Florida mangroves, also known as walking trees, are native to Florida. There are four tree species that are considered mangroves. They are the red mangrove (Rhizophoraceae family), the black mangrove (Avicenniaceae family), and the white mangrove and Buttonwood (Combretaceae family). These trees all thrive in tidal zones and are very tolerant of salt water and water level changes.
All mangroves can live in freshwater areas but have adapted to brackish areas after being out-competed by freshwater only trees. Buttonwood and black and white mangroves have evolved to excrete the salt they absorb through salt glands at the base of their leaves. Red mangroves do not allow the salt to enter at all.
Mangrove trees produce seeds called propagules. The seeds will begin to germinate and grow roots while still on the tree. The seeds when mature, drop from the main tree and float away with the high tide. They will bobble on the root ball until they find a mud flat where they will attach and start growing into new mangrove trees.
Like many of Florida’s wildlife and plants, mangroves are now protected and it is illegal to destroy a mangrove tree. Human development and impact are the reason the Tampa has lost over 44% of its coastal wetlands acreage which includes mangroves and marshes. Punta Gorda has lost 59% of the mangrove forest due to waterfront development. Lake Worth has experienced an 87% decrease of its mangrove acreage due to invasive Australian pines and urbanization.
What do mangroves do for Floridians? Mangrove forests protect uplands from storm winds, waves, and floods. The wider the mangrove area the more protection they give us. Mangroves can help prevent erosion by stabilizing shorelines with their specialized root systems, filter water, and maintain water quality and clarity. Florida has an average of 469,000 acres of mangrove forests.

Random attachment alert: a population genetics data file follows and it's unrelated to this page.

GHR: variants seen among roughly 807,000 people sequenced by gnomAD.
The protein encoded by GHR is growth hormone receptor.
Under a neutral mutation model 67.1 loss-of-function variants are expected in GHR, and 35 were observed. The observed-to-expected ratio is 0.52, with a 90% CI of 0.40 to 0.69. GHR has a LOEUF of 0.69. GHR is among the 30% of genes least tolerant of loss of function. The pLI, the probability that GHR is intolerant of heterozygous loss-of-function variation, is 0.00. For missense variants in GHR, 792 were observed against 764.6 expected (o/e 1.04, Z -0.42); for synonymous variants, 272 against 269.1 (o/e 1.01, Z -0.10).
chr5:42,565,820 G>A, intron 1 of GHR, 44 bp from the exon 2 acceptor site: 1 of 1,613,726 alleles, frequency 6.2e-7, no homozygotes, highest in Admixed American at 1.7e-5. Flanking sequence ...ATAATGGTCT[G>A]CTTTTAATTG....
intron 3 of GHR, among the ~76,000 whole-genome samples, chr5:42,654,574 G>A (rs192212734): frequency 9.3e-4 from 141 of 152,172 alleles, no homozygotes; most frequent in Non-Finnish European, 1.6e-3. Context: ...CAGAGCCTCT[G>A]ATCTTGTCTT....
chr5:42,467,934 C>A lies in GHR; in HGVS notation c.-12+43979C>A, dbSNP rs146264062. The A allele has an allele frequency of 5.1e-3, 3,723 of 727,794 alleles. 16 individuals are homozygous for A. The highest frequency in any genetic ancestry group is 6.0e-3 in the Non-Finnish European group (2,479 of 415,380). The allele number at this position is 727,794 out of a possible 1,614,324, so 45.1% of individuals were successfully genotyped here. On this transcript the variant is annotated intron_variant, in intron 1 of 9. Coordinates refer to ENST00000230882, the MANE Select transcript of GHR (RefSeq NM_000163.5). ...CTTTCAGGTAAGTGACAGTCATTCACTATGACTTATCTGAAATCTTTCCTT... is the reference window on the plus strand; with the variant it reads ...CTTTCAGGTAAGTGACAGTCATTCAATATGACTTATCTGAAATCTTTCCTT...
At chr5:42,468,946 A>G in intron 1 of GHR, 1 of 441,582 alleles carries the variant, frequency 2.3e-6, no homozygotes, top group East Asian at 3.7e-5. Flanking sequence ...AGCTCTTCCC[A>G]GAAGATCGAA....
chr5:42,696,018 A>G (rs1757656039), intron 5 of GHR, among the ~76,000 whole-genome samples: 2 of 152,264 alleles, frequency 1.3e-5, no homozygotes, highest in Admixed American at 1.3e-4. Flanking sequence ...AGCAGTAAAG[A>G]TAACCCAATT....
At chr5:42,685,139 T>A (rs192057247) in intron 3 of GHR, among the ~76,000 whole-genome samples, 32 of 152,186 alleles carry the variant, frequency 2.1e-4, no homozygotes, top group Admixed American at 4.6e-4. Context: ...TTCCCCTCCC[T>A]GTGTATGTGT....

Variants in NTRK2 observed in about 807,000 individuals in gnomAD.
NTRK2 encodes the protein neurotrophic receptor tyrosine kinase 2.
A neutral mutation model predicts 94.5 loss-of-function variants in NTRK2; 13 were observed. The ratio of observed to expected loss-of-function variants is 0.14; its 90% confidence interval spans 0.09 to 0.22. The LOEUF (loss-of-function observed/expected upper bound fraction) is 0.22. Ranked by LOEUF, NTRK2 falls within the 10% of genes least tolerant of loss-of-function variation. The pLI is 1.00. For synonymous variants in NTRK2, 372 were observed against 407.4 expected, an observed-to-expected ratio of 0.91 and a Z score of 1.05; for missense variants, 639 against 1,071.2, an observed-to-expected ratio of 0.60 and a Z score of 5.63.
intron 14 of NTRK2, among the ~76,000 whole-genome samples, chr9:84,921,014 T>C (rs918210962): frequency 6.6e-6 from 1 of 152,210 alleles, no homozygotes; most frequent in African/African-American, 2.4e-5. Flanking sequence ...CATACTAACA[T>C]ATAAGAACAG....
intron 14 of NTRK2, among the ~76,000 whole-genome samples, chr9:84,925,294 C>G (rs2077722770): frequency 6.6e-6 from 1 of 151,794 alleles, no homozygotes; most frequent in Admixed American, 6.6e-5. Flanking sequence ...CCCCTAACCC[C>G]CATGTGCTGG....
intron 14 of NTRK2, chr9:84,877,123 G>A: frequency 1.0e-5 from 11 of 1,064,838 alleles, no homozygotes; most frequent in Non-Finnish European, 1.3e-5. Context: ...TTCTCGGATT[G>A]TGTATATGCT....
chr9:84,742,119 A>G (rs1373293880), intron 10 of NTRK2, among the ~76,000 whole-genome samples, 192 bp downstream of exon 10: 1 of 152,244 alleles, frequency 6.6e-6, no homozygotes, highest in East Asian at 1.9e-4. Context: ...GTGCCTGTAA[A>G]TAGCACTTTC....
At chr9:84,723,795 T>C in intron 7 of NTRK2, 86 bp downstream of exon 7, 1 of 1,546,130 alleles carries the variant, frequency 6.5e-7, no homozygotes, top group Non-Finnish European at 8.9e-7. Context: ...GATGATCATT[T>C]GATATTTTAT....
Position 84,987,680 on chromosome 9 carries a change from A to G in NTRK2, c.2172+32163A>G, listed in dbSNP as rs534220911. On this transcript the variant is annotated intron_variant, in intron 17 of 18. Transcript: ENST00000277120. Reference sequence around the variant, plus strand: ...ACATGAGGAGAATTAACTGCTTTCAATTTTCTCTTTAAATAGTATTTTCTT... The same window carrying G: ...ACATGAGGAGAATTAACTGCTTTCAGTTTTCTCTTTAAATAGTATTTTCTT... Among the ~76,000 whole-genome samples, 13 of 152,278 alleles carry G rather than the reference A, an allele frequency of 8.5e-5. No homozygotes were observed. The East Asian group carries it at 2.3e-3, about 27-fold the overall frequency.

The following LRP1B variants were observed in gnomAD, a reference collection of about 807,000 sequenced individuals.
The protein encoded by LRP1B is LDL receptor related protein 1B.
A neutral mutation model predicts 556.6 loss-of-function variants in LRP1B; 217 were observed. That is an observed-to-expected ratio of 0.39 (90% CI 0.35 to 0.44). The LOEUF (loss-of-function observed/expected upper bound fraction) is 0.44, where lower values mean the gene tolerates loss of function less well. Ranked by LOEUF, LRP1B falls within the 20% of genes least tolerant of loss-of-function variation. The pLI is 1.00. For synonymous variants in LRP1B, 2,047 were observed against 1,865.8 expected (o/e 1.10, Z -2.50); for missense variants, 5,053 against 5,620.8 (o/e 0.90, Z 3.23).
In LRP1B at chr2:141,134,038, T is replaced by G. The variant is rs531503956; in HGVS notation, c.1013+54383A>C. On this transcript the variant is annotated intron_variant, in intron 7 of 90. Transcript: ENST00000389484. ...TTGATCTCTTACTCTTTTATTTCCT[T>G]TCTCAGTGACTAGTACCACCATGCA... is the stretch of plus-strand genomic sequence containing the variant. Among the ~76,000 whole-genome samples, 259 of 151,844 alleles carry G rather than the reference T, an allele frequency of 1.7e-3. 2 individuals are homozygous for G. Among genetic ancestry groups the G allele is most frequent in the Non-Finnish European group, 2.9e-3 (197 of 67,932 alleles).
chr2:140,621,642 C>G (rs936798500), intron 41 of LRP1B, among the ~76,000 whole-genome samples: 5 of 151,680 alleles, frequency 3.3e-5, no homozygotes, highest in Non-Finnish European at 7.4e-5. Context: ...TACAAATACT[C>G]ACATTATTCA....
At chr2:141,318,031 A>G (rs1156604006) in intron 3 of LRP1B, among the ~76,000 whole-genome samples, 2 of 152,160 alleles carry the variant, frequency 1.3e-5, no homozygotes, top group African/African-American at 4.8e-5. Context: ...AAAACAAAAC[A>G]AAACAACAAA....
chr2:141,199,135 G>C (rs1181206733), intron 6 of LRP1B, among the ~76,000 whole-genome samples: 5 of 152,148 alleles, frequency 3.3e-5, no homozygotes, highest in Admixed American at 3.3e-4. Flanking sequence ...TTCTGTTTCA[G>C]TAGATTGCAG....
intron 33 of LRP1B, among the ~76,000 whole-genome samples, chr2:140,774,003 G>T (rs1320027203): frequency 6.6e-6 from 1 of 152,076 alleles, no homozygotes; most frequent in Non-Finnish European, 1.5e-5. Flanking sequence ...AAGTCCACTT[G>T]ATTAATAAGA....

Underwater, mangrove roots provide surfaces for various marine organisms to attach. The organisms feed off of organic materials, chemical elements, and nutrients that get trapped in the mangrove’s spider-like root system. The marine organisms are food for a multitude of marine species including snook, snapper, tarpon, jack, sheepshead, red drum, oyster, and shrimp. According to the Florida Department of Environmental Protection, Florida’s commercial and recreational fisheries would drastically decline without healthy mangrove forests.
Above water, Mangrove trees provide nesting areas for birds such as the wood stork, roseate spoonbill, brown pelican, and mangrove cuckoos. They provide a smorgasbord of crayfish, crabs, frogs, mice, small fish and snakes for a variety birds.
So next time you see mangroves, take a closer look at the unique ecosystem right before your eyes. Appreciate the beauty, the wildlife who live within, and the protection the mangroves provide us when we retreat inland. While you are there pick up the trash that always gets caught in the mangrove roots. Together, we can enjoy our mangroves while making a difference for our wild friends and in our wild spaces.